The wind is shifting. The prevailing winds on wind power have never blown powerfully in one direction, but popular acceptance has allowed a few projects to go forward in recent years.
Lately, however, it has seemed that controversy about wind has had a cumulative effect, and Vermonters at the local level have begun to speak out with greater clarity and force against mountaintop wind turbines.
Wind has been a vexing issue in Vermont because it pits against each other two fundamentally important values: the need for sustainable energy and the need to protect our cherished landscape. Balancing these values is difficult because judgment in some respects rests on aesthetic considerations that are unique and subjective.
The wind project in Sheffield, north of Lyndon in Caledonia County, is a case in point. In Sheffield 16 turbines sit atop Granby Mountain and Libby Hill with a capacity for 40 megawatts of power. The subjectivity of their aesthetic impact can be appreciated from the fact that one can drive on many of the roads of Sheffield and surrounding towns without a glimpse of the turbines. Round a bend in the road, and you may get a glimpse of two or three of them, giant arms rotating gracefully in the air. Round the next bend and they are out of sight.
For some people the wind mills are probably a significant visual presence. For others they are an intriguing curiosity in the distance. It’s hard to form an aesthetic judgment that makes sense to everyone.
Because the aesthetic question is essentially a local one, utilities have gone to great lengths to earn local support. Green Mountain Power received approval from Lowell voters before proceeding with their divisive project there. Of course, there is money to be gained from allowing one’s property to be used and in tax revenues obtained from the utility.
It’s hard to gauge how aesthetic judgments are affected by dollar signs; nevertheless, local views about wind have until now played an important part in determining if a project would go forward.
A project in Rutland County affecting the towns of Ira, Middletown Springs and Tinmouth ran afoul of local objections to the prospect of large turbines set atop cherished mountaintops. The developer never got out in front of public opinion, which coalesced in opposition before he could mount a persuasive case for his project.
Now a $100 million project proposed for Grandpa’s Knob in Rutland County has hit a brick wall of opposition. Select boards in Castleton, West Rutland, Pittsford and Hubbardton have voted to oppose the project proposed by Reunion Power. Residents have raised familiar arguments about the wreckage that construction would do to a pristine environment, about noise and about visual blight.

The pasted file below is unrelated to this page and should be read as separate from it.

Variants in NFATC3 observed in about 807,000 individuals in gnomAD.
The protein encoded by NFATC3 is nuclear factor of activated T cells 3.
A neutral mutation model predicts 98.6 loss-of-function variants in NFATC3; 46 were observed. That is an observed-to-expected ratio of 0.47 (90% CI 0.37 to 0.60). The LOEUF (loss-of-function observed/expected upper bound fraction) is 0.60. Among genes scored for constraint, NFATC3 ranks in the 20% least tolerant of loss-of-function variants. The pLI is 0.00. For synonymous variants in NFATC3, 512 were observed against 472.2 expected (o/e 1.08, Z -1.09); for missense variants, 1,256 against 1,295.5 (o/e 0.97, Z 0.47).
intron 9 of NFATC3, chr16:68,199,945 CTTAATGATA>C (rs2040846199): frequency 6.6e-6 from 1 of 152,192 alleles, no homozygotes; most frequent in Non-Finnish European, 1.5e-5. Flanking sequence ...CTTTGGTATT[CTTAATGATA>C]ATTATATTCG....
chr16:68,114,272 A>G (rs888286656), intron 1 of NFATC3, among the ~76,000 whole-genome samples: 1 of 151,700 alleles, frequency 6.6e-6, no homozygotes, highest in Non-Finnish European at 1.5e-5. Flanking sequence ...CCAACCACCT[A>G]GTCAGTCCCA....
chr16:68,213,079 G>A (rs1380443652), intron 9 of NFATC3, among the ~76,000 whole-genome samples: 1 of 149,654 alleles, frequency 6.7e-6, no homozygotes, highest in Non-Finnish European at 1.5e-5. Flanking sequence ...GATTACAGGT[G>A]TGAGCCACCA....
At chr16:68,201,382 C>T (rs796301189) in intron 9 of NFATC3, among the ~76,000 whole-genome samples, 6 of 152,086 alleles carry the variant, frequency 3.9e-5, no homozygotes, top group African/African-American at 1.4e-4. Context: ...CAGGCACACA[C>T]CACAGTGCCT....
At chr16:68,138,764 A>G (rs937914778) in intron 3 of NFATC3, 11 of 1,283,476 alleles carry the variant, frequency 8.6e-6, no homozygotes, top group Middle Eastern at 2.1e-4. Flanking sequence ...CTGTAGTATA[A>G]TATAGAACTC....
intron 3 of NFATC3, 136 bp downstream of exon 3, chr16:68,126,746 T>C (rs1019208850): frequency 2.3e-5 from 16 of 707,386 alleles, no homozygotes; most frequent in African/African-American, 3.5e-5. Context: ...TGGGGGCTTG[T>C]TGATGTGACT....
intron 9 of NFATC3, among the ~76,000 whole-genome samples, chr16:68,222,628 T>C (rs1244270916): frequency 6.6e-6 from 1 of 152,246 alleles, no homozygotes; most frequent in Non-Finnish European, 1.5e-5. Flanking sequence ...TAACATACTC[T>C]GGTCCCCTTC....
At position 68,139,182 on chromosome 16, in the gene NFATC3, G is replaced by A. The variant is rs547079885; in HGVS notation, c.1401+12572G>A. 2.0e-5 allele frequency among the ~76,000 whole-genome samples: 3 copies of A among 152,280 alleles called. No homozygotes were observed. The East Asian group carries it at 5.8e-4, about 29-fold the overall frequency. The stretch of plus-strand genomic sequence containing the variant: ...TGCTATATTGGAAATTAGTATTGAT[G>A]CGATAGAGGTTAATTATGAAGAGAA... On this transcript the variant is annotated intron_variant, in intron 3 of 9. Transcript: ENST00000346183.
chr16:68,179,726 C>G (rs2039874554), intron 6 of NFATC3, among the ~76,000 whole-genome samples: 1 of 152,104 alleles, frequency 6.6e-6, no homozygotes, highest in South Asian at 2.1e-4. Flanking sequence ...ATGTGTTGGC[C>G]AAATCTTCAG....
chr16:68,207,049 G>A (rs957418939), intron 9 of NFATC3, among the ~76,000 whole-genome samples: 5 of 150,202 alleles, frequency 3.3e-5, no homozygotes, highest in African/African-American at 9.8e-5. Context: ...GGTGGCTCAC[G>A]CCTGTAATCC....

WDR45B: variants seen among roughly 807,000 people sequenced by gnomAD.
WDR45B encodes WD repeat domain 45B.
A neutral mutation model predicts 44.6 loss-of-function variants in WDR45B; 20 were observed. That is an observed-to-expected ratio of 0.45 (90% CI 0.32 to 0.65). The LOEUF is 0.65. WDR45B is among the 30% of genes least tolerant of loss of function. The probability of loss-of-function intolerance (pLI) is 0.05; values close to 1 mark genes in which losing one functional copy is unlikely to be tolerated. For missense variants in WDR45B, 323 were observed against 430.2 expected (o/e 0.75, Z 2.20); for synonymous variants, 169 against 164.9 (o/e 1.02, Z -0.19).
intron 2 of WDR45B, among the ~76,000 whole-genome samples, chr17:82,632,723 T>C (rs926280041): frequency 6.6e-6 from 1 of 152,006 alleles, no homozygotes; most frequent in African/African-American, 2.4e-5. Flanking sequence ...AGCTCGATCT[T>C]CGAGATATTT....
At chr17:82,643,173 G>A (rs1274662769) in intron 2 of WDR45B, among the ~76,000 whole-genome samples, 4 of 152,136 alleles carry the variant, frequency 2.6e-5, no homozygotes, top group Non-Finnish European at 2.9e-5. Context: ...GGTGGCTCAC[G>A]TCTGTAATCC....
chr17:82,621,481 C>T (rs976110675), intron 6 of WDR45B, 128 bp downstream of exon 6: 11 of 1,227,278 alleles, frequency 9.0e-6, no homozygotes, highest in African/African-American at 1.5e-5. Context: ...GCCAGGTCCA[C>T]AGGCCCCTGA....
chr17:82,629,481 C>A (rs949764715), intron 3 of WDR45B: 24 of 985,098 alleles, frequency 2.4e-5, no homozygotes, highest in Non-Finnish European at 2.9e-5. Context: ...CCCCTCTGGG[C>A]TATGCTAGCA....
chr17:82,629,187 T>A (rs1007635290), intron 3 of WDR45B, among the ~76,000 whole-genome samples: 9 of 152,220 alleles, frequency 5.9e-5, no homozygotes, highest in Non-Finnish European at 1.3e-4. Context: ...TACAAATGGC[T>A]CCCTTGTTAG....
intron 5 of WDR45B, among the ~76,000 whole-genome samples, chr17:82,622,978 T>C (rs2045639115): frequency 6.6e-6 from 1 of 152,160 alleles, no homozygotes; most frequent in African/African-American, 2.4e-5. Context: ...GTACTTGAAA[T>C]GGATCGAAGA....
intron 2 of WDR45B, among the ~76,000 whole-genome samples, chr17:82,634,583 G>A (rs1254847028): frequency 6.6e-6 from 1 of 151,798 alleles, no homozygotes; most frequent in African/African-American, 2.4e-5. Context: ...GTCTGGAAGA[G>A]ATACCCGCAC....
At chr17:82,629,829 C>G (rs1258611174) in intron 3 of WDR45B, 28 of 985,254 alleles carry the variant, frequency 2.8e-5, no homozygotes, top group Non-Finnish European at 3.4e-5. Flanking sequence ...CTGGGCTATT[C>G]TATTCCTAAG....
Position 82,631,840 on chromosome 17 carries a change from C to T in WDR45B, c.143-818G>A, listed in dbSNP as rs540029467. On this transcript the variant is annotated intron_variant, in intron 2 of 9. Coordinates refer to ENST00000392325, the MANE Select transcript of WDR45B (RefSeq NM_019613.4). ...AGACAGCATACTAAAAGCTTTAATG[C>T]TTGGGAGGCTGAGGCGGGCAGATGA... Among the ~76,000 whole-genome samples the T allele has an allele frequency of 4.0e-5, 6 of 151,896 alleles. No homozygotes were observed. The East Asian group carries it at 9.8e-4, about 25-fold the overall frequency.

The Grandpa’s Knob project has also touched a sensitive historical nerve because the wind turbines would be in the vicinity of the Hubbardton Battlefield, site of the only Revolutionary War battle fought on Vermont soil.
The wind debate has created an odd reversal. Until now wind power has been viewed as a benign alternative to the big, bad, polluting sources that include coal, oil or nuclear power. But now wind projects are coming with big money behind them, and local residents out on the back roads of Hubbardton or Pittsford feel they are up against big-time investors trying to ride roughshod over local interests.
So it was that the Select Board in the tiny town of Windham expressed a high degree of skepticism last week at a meeting with representatives of companies that want to put a wind-measuring tower on Glebe Mountain in Windham, Grafton and Townshend. One of the companies was Iberdrola Renewables, a Spanish company that is one of the largest wind developers in the world. The spokeswoman for Iberdrola said the company would respect local wishes but urged local residents not to be too hasty in opposing the project.
Increasingly, however, it seems that people have made up their minds about wind. A large wind farm – with 20 or 200 large turbines – may fit well on the open plains of Texas, the Palouse of Washington state or the coast of Denmark. The close, intimate, untrammeled landscape of Vermont is not such a good fit. That is the message that wind developers are hearing.
In the end their money may not do the trick. Even the well-understood need for sustainable power may not tip the balance. From Windham to Hubbardton and beyond, the wind is shifting against wind.
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